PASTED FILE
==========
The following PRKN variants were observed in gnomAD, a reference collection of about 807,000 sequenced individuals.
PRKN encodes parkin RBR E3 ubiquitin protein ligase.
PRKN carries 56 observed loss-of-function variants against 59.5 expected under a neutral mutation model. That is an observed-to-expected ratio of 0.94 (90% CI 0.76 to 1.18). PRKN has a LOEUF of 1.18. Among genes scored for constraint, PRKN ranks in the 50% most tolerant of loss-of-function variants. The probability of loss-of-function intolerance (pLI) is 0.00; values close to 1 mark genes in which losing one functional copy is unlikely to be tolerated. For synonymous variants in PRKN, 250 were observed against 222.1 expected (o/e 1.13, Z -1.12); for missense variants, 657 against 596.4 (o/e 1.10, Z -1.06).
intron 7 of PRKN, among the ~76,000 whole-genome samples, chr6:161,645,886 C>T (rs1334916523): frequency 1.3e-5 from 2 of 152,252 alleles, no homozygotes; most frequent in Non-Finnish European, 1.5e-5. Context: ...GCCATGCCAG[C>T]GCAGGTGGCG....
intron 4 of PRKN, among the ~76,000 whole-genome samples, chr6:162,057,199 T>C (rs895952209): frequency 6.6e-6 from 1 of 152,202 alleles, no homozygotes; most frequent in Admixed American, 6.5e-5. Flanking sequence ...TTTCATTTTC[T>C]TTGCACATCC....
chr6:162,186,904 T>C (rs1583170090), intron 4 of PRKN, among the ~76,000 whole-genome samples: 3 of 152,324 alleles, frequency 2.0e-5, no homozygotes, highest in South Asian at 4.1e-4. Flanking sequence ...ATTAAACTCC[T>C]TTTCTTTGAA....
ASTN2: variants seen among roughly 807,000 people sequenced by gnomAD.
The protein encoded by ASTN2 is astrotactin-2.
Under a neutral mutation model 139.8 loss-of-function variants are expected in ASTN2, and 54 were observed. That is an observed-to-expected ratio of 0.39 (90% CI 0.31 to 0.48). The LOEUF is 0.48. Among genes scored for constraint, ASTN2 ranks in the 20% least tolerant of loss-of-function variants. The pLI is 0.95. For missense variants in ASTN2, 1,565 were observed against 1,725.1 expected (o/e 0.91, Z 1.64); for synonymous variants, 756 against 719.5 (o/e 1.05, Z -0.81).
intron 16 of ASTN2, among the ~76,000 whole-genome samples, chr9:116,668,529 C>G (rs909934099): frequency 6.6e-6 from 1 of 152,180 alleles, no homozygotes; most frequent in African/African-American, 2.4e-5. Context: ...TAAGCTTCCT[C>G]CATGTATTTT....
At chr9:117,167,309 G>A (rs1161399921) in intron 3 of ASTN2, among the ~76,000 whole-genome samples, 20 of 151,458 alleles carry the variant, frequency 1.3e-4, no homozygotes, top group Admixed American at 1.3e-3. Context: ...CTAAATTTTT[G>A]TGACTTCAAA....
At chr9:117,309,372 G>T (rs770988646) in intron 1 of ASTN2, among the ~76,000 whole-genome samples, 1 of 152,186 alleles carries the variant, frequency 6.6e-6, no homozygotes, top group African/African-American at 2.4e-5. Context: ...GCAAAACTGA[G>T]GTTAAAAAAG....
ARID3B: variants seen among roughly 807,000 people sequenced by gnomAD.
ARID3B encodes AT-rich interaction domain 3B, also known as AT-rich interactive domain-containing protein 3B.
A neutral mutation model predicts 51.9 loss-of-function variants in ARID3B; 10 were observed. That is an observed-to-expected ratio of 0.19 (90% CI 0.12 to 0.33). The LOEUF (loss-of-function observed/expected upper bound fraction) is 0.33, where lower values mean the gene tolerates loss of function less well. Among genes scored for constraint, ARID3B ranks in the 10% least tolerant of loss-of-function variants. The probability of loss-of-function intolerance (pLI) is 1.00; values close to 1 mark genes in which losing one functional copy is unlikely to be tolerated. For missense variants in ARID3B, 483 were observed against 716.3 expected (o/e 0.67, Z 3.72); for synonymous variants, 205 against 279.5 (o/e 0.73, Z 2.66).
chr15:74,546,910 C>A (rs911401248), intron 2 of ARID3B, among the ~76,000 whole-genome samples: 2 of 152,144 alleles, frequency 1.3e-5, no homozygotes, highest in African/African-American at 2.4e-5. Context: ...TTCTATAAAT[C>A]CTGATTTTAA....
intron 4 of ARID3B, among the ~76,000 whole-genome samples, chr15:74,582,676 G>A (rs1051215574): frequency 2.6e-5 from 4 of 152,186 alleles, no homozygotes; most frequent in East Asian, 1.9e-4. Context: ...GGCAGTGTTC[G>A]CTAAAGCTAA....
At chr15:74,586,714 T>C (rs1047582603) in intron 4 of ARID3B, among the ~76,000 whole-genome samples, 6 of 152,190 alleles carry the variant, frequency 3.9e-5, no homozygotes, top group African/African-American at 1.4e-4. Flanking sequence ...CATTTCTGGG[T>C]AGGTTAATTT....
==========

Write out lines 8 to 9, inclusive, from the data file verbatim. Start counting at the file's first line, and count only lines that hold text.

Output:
The protein encoded by ASTN2 is astrotactin-2.
Under a neutral mutation model 139.8 loss-of-function variants are expected in ASTN2, and 54 were observed. That is an observed-to-expected ratio of 0.39 (90% CI 0.31 to 0.48). The LOEUF is 0.48. Among genes scored for constraint, ASTN2 ranks in the 20% least tolerant of loss-of-function variants. The pLI is 0.95. For missense variants in ASTN2, 1,565 were observed against 1,725.1 expected (o/e 0.91, Z 1.64); for synonymous variants, 756 against 719.5 (o/e 1.05, Z -0.81).